There is a different kind of joy in looking at the sky when everyone is asleep. One can witness a wide range of objects in the night sky with the naked eye, such as:
- The five brightest planets (Mercury, Venus, Mars, Jupiter and Saturn)
- Four galaxies (Andromeda, Triangulum, Large & Small Magellanic Clouds)
- The Milky Way Band & center
- Globular clusters
- and objects like meteors, the International Space Station & other satellites, etc.
That being said, not most of us are lucky enough to watch these objects. Light pollution in major cities masks the light coming from the relatively dimmer objects (like the galactic center). Generally, planets are very bright due to their proximity and hence are visible even from the major cities. The Milky Way galaxy has an absolute magnitude of around -20.2 in the night sky in the visible spectrum. For comparison Venus has an absolute magnitude of around -4.47 and Sun has an absolute magnitude of +4.83. Hence, the first thing you need to get rid of to see the galactic center is the Light pollution.
To see the Milky Way Galaxy, you do not necessarily need an excellent dark sky. The band and the galactic center are usually visible even in the rural and suburban skies. You cannot see the galactic center from the city or inner city sky with the naked eye but if you have a binocular or a telescope, your chances increase.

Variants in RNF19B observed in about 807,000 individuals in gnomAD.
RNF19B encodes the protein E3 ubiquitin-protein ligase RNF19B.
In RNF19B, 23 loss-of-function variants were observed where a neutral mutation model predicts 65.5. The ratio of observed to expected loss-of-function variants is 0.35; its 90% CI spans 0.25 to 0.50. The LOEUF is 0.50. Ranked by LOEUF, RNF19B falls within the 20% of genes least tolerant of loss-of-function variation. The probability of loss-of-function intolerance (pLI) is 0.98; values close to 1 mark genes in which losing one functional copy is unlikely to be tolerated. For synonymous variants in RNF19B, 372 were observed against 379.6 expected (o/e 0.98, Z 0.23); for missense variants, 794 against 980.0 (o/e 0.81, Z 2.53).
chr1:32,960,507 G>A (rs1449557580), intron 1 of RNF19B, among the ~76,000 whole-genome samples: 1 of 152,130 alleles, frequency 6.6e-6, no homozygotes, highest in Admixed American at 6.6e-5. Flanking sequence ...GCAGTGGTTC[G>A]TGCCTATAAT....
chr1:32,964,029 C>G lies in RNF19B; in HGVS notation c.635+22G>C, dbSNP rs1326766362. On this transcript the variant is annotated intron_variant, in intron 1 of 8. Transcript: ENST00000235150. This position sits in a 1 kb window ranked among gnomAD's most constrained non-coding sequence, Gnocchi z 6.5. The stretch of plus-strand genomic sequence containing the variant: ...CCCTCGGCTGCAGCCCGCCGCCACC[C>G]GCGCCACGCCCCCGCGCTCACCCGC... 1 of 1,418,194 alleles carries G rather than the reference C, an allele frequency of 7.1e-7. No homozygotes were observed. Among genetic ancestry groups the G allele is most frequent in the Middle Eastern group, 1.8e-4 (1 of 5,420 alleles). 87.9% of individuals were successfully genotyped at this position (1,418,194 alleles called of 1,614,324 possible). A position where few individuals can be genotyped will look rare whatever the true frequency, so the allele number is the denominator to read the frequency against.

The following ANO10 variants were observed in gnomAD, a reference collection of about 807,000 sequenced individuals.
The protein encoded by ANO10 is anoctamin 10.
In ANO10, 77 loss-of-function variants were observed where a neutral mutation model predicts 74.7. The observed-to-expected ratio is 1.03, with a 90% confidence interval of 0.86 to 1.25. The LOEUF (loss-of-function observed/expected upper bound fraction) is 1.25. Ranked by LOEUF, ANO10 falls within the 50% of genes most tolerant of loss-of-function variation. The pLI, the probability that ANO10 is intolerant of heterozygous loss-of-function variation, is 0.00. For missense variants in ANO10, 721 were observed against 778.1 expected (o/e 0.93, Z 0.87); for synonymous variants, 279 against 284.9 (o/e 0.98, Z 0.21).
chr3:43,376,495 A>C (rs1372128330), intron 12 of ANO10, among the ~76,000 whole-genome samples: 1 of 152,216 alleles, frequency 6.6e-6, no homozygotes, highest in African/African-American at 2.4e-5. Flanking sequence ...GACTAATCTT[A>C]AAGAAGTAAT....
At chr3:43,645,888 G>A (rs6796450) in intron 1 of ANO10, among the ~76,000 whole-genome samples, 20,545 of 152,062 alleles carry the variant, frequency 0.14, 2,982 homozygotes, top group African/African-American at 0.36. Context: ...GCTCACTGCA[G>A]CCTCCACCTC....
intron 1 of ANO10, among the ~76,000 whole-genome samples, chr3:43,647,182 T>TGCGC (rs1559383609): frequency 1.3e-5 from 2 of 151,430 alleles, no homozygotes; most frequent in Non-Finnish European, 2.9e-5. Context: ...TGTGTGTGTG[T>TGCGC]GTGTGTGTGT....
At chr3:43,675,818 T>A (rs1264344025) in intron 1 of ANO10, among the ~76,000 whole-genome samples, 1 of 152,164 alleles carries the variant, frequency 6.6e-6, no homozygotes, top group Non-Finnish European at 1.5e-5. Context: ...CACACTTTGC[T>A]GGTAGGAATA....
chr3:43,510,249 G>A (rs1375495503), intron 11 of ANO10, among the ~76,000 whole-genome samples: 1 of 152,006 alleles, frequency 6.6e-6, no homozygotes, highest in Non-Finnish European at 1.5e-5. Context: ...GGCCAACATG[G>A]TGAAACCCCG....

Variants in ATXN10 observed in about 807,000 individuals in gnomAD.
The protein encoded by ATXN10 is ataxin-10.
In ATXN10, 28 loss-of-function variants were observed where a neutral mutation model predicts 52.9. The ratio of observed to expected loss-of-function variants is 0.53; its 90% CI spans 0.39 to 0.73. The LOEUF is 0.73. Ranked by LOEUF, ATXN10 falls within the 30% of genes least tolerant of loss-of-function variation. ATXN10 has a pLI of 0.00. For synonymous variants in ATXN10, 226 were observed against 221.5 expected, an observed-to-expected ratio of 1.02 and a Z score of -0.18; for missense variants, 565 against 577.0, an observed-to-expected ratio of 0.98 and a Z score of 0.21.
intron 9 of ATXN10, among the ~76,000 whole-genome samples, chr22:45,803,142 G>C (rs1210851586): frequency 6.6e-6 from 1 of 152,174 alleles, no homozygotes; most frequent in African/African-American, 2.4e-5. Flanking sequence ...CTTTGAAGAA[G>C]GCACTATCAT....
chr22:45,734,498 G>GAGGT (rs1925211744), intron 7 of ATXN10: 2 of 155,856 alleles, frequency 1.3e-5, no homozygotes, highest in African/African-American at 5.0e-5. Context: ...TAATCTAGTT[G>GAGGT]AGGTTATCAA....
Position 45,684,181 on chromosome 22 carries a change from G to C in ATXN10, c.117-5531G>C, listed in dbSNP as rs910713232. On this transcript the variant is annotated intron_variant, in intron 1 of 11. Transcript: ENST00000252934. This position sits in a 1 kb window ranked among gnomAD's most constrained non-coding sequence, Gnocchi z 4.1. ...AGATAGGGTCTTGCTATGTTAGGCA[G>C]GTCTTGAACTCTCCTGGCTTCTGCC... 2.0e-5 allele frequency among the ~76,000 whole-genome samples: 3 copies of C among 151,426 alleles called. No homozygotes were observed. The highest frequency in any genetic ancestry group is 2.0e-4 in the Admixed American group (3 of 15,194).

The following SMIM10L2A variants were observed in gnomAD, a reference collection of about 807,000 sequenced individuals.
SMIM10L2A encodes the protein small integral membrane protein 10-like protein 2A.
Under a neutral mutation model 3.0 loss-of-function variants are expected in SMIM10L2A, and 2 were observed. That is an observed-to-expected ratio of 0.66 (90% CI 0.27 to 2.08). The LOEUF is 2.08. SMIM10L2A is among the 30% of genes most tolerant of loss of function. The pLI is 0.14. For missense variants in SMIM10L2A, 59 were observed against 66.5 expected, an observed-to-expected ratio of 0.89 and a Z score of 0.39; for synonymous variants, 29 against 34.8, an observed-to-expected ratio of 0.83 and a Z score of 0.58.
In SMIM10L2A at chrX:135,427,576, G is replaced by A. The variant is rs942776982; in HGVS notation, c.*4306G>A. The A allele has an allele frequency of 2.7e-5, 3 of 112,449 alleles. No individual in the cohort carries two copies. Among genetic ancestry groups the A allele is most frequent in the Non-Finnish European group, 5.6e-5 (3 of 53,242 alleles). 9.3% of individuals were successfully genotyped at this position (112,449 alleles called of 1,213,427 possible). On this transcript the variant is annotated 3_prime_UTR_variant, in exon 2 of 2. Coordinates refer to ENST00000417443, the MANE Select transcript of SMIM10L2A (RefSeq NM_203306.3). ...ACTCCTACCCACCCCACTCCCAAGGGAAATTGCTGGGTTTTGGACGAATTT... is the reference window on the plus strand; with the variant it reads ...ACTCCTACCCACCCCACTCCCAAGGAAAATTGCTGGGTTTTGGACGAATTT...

When to find?
Trust me, watching the dusty disk and the galactic center is an amazing experience and if you live in a city, you might consider moving out of the city for a night to experience the cosmic wonder. But unfortunately, the galactic center is not visible during the entire year.
The best time to spot it is during the months of June to November (in both the hemispheres). Between June and August, our galaxy can be seen during the midnight whereas during the months of September to November, evening would be the best time to see it. During all other times, the galaxy would rise usually during the day time.
Also, do not plan for watching it during the full Moon. Check the weather forecast to see if the sky is clear during the time you wish to plan your event.
Where to find?
The galactic center is called as the ‘Sagittarius A*‘. As the name suggests, it lies in the constellation of Sagittarius. To spot the center, take help of star tracking apps to find the constellation of Sagittarius. To be more specific, the galactic band appears to be brightest in the direction of these three constellations- Sagittarius, Ophiuchus and Scorpius.
If you want an even strong indicator, go for finding the Teapot asterism which lies close to the Sagittarius constellation and is shown in most of the star tracking apps. Check the image below to see how The Teapot looks like (Of course, it would look like a teapot!).
How to plan?
Since you would prefer going stargazing during the night time, it is important that you take care of the safety of your friends/family. Find out information about the location beforehand and whether the location is prone to nocturnal animals.
Carry a blanket, some food and snacks and a torch. Don’t forget to carry a mosquito repellent cream to be safe from the deadly insects. Carry a binocular or telescope (if it is portable) with you for a more amazing experience.
If you wish to capture an image of the same, take a long exposure shot so as to see some details that your eyes can’t.
As mentioned previously, August is the best time of the year to see the galactic center during the midnight. So what are you waiting for? Plan a star party with your friends as soon as possible.